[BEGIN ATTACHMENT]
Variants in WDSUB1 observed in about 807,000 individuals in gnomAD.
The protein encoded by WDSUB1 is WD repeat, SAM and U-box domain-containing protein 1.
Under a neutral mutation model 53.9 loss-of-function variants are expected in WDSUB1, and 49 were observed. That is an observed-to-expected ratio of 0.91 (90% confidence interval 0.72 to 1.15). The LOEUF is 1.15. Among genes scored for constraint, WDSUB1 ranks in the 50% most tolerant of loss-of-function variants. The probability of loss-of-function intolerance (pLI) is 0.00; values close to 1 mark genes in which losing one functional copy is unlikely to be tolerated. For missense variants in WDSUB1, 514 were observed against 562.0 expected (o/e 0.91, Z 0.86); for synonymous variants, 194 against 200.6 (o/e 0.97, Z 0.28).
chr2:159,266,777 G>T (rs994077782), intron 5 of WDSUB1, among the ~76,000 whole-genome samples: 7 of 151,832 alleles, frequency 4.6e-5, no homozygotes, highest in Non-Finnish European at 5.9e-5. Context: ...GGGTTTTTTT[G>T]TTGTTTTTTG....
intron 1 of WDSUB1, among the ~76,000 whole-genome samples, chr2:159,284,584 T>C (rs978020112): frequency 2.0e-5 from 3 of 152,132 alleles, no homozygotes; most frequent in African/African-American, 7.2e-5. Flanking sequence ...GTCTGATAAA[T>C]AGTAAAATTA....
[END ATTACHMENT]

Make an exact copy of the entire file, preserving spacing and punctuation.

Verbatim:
Variants in WDSUB1 observed in about 807,000 individuals in gnomAD.
The protein encoded by WDSUB1 is WD repeat, SAM and U-box domain-containing protein 1.
Under a neutral mutation model 53.9 loss-of-function variants are expected in WDSUB1, and 49 were observed. That is an observed-to-expected ratio of 0.91 (90% confidence interval 0.72 to 1.15). The LOEUF is 1.15. Among genes scored for constraint, WDSUB1 ranks in the 50% most tolerant of loss-of-function variants. The probability of loss-of-function intolerance (pLI) is 0.00; values close to 1 mark genes in which losing one functional copy is unlikely to be tolerated. For missense variants in WDSUB1, 514 were observed against 562.0 expected (o/e 0.91, Z 0.86); for synonymous variants, 194 against 200.6 (o/e 0.97, Z 0.28).
chr2:159,266,777 G>T (rs994077782), intron 5 of WDSUB1, among the ~76,000 whole-genome samples: 7 of 151,832 alleles, frequency 4.6e-5, no homozygotes, highest in Non-Finnish European at 5.9e-5. Context: ...GGGTTTTTTT[G>T]TTGTTTTTTG....
intron 1 of WDSUB1, among the ~76,000 whole-genome samples, chr2:159,284,584 T>C (rs978020112): frequency 2.0e-5 from 3 of 152,132 alleles, no homozygotes; most frequent in African/African-American, 7.2e-5. Flanking sequence ...GTCTGATAAA[T>C]AGTAAAATTA....